Two Libraries, No System
While we’ve got thousands of paper books which are beautiful and brilliant, but cause us endless space problems, I’ve also got quite a lot of digital books. Kindle is spectacularly crap at managing them. The manual creation of collections and adding books is tedious beyond all 21st Century technology except perhaps the Amazon Prime app on our TV. I buy a lot of books through StoryBundle and Humble Bundle, Tor give away lots of free books, and anywhere else I see them. I send web pages and articles straight to Kindle, and add my own files and stuff (stories and poetry for events) to a place I can access them easily. They’re just on a computer so they don’t really exist – it’s not like they’re in giant stacks in the spare room or anything. I have been in dire need of organisation, and I love organising books.
Calibre became my saviour last year. It’s a combination of eBook creator / formatter and library app. You can add Virtual Libraries, manage multiple devices, add and delete book. It’s everything I was looking for. I used it to create an eBook version of Watchers just for fun. Simply having a programme to store and browse books by title and author is a pretty good start. Removing and Adding books from my library to Kindle is brilliant too – it’s better than endlessly paging through book lists on the Amazon website. It gets a lot better than that really fast though – there are many amazing plugins that people have built to make life better. I quite like the Goodreads Sync which helps me remember which books I’ve read, and whether I liked them. Calibre can pull alternative covers and metadata from dozens of web sources so that browsing my Calibre library becomes like reading the back covers of paper books.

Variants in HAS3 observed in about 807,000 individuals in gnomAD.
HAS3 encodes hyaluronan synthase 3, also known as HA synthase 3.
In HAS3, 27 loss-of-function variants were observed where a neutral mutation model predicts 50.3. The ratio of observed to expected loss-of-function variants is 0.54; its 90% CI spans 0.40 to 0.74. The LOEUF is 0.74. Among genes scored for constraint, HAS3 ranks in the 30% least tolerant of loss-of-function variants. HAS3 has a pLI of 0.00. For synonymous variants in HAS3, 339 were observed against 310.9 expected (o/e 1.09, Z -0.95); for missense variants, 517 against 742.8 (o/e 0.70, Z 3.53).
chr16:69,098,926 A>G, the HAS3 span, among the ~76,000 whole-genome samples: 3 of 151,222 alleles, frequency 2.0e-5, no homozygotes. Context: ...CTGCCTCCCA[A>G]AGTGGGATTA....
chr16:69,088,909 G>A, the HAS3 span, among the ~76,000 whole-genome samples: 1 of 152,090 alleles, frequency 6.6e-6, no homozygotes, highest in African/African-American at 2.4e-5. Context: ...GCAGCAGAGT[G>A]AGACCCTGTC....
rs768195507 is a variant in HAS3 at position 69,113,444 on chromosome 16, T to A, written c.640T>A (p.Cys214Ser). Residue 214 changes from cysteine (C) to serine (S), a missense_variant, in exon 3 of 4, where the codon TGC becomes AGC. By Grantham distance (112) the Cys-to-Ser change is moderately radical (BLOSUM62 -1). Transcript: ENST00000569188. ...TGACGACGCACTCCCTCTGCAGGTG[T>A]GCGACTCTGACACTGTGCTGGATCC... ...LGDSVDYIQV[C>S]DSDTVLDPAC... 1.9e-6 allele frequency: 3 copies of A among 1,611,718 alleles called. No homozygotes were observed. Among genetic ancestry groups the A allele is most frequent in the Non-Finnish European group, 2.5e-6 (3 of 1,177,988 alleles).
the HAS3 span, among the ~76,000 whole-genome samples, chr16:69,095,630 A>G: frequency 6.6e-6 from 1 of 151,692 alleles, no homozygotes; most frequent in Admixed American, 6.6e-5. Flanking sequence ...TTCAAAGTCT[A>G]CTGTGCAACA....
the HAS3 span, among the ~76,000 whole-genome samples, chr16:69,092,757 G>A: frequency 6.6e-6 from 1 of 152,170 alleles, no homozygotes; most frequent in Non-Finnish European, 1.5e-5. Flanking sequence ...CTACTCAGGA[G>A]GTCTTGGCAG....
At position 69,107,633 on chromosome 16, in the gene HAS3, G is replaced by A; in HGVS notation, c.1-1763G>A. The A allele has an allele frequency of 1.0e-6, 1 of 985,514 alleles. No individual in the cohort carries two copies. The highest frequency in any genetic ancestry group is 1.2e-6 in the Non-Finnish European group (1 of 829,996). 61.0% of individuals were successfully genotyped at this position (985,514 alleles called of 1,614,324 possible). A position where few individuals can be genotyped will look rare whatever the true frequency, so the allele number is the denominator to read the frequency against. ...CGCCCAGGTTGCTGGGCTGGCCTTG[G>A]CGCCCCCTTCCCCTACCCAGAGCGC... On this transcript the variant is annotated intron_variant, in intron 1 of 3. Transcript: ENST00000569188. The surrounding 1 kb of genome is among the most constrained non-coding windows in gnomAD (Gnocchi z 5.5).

The thing that impressed me first off was the DRM-stripper plugin you can add. That means I can buy books for Nook, Play Books or in any other format and convert them to Kindle. Handy. When I buy a book in real paper I can just read it and stack it in whatever book shelf I want. I want to be able to do the same thing with eBooks. The second brilliant feature was being able to group series of books together. So I can find all of my Dresden Files books and see what order they’re in. Of course that doesn’t necessarily translate to the Kindle itself, so I’ve taken advantage of the DRM stripping to rename the books, e.g. ‘Dresden Files 01 – Storm Front’. Now I can see we exactly which book is next.
Along the way I’ve picked up lots of stand alone short stories, like the ones Adrian Tchaikovsky has published on his blog over the years, plus a tonne of stories scanned in from ancient copies of ‘Asimov’s Science Fiction’ and ‘Fantastic Universe’. Those were all floating around as separate books. EpubMerge has let me concatenate them into single volumes. It tidies up an awful lot and now I have a lovely ‘Sci Fi Anthology’ Tag, so I can find them when I want to read ’em. This has been very useful for combining all 50-odd of my pirate stories into a single volume, which will make poetry evenings a lot easier to handle.